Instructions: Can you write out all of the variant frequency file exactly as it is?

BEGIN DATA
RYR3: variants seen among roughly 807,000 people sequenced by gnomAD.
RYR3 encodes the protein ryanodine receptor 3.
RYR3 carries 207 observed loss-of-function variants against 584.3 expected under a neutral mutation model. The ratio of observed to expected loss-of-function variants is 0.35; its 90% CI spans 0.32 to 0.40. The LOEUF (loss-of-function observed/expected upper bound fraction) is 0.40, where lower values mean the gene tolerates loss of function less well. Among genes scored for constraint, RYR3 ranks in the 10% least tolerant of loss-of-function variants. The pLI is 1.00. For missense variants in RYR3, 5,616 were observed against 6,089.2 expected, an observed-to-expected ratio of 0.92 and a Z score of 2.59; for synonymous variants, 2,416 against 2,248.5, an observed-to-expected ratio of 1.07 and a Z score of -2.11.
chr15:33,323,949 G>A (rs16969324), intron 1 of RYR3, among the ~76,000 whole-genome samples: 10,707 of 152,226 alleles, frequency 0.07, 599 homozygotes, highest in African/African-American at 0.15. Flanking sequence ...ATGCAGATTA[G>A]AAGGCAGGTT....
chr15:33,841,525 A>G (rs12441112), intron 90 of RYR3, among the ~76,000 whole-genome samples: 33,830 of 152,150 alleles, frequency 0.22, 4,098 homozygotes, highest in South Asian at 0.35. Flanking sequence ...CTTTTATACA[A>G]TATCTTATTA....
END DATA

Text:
RYR3: variants seen among roughly 807,000 people sequenced by gnomAD.
RYR3 encodes the protein ryanodine receptor 3.
RYR3 carries 207 observed loss-of-function variants against 584.3 expected under a neutral mutation model. The ratio of observed to expected loss-of-function variants is 0.35; its 90% CI spans 0.32 to 0.40. The LOEUF (loss-of-function observed/expected upper bound fraction) is 0.40, where lower values mean the gene tolerates loss of function less well. Among genes scored for constraint, RYR3 ranks in the 10% least tolerant of loss-of-function variants. The pLI is 1.00. For missense variants in RYR3, 5,616 were observed against 6,089.2 expected, an observed-to-expected ratio of 0.92 and a Z score of 2.59; for synonymous variants, 2,416 against 2,248.5, an observed-to-expected ratio of 1.07 and a Z score of -2.11.
chr15:33,323,949 G>A (rs16969324), intron 1 of RYR3, among the ~76,000 whole-genome samples: 10,707 of 152,226 alleles, frequency 0.07, 599 homozygotes, highest in African/African-American at 0.15. Flanking sequence ...ATGCAGATTA[G>A]AAGGCAGGTT....
chr15:33,841,525 A>G (rs12441112), intron 90 of RYR3, among the ~76,000 whole-genome samples: 33,830 of 152,150 alleles, frequency 0.22, 4,098 homozygotes, highest in South Asian at 0.35. Flanking sequence ...CTTTTATACA[A>G]TATCTTATTA....